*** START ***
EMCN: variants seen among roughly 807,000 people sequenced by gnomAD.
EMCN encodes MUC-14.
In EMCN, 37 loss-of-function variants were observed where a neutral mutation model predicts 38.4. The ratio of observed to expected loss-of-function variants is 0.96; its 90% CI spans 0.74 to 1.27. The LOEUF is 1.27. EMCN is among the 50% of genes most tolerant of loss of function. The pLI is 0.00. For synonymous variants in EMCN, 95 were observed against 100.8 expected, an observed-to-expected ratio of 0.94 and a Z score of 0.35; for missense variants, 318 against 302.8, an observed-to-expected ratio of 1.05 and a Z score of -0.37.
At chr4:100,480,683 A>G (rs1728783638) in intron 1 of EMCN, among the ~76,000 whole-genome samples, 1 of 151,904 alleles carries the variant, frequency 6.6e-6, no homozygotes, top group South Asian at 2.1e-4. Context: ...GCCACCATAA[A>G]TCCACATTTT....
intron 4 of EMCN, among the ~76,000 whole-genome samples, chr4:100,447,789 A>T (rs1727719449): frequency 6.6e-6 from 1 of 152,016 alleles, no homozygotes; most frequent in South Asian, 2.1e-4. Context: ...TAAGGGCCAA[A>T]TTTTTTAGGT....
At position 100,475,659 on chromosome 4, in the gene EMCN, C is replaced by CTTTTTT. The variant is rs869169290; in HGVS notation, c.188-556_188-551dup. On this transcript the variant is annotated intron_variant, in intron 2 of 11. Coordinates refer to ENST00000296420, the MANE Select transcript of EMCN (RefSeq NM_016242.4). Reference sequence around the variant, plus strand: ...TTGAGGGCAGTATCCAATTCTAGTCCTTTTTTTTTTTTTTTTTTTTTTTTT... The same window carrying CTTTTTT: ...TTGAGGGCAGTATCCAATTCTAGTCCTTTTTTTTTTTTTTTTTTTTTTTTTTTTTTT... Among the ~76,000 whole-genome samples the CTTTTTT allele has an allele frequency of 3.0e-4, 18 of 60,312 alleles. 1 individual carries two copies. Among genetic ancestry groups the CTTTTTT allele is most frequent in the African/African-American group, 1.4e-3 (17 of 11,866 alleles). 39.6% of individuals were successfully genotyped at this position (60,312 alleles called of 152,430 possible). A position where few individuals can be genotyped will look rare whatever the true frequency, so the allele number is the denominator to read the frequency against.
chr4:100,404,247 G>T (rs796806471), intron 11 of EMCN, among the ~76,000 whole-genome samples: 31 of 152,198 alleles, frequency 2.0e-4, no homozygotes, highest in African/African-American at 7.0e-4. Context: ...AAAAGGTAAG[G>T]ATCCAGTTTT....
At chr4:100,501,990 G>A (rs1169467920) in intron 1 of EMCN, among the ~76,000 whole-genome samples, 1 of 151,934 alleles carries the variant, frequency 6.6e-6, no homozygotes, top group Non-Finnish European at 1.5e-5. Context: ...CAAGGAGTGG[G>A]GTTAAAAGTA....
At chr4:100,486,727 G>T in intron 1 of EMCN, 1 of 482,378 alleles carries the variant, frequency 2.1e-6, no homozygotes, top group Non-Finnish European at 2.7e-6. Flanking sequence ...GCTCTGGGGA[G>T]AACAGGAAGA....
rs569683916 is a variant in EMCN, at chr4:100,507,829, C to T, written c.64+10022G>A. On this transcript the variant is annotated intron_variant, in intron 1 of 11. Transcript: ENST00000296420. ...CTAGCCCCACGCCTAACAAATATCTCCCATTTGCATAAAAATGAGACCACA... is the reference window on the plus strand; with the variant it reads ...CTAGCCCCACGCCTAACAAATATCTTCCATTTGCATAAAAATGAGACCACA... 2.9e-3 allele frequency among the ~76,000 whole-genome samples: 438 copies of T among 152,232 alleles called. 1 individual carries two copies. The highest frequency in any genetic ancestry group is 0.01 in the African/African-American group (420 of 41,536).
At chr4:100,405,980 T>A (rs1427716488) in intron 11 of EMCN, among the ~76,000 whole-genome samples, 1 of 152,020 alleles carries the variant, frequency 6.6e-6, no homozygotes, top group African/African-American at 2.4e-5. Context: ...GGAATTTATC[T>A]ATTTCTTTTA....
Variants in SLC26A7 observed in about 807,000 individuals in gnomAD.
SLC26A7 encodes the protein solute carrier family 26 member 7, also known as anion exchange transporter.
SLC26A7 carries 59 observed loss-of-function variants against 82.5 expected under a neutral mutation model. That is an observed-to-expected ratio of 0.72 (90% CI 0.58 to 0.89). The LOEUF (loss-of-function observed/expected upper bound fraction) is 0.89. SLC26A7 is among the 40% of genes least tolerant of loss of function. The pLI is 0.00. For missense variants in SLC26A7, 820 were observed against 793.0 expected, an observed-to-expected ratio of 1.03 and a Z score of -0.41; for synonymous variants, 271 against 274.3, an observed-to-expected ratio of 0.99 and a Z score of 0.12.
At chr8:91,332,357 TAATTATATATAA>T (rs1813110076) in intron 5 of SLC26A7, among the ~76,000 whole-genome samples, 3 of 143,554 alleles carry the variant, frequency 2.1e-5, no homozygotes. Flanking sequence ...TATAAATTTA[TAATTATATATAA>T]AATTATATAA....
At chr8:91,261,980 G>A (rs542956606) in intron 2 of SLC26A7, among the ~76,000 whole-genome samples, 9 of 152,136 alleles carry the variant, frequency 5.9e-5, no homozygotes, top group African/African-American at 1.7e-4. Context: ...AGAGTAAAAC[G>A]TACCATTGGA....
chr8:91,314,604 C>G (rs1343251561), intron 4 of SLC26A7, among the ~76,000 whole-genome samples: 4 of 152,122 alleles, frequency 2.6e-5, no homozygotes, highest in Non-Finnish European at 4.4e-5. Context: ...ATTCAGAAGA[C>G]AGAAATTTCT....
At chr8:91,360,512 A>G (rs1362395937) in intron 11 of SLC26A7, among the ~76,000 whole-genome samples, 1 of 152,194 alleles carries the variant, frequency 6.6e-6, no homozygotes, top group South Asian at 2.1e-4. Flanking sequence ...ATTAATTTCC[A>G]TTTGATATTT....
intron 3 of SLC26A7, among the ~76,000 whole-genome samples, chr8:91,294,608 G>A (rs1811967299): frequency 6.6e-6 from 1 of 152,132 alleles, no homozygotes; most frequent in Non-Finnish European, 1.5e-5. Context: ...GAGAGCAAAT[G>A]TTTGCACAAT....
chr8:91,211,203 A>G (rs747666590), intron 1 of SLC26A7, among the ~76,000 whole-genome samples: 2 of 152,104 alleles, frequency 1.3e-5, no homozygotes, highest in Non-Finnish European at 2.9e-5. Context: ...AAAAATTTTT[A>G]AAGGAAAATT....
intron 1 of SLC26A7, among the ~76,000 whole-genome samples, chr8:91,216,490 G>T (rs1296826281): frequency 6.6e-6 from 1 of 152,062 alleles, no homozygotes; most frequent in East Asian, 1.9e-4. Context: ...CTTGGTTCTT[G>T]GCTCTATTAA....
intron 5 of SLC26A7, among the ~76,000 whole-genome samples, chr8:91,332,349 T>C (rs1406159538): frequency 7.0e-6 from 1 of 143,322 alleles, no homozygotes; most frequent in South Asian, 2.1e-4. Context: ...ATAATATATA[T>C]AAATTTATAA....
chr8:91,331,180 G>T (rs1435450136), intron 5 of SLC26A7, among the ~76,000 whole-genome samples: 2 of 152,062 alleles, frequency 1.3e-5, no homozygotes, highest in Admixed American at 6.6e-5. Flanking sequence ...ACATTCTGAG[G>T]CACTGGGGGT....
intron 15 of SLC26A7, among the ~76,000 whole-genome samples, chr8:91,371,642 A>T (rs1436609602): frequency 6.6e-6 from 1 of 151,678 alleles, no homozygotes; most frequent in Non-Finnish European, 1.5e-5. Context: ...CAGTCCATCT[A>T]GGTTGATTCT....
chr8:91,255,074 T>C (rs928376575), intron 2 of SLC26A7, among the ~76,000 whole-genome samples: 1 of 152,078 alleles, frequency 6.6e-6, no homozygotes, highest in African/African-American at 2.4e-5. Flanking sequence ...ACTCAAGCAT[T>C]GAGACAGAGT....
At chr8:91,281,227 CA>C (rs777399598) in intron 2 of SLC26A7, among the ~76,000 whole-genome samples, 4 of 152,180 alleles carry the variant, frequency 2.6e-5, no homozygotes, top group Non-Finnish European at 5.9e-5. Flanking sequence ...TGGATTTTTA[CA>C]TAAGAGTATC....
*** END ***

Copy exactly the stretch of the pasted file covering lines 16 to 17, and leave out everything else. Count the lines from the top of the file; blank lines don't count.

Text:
At chr8:91,261,980 G>A (rs542956606) in intron 2 of SLC26A7, among the ~76,000 whole-genome samples, 9 of 152,136 alleles carry the variant, frequency 5.9e-5, no homozygotes, top group African/African-American at 1.7e-4. Context: ...AGAGTAAAAC[G>A]TACCATTGGA....
chr8:91,314,604 C>G (rs1343251561), intron 4 of SLC26A7, among the ~76,000 whole-genome samples: 4 of 152,122 alleles, frequency 2.6e-5, no homozygotes, highest in Non-Finnish European at 4.4e-5. Context: ...ATTCAGAAGA[C>G]AGAAATTTCT....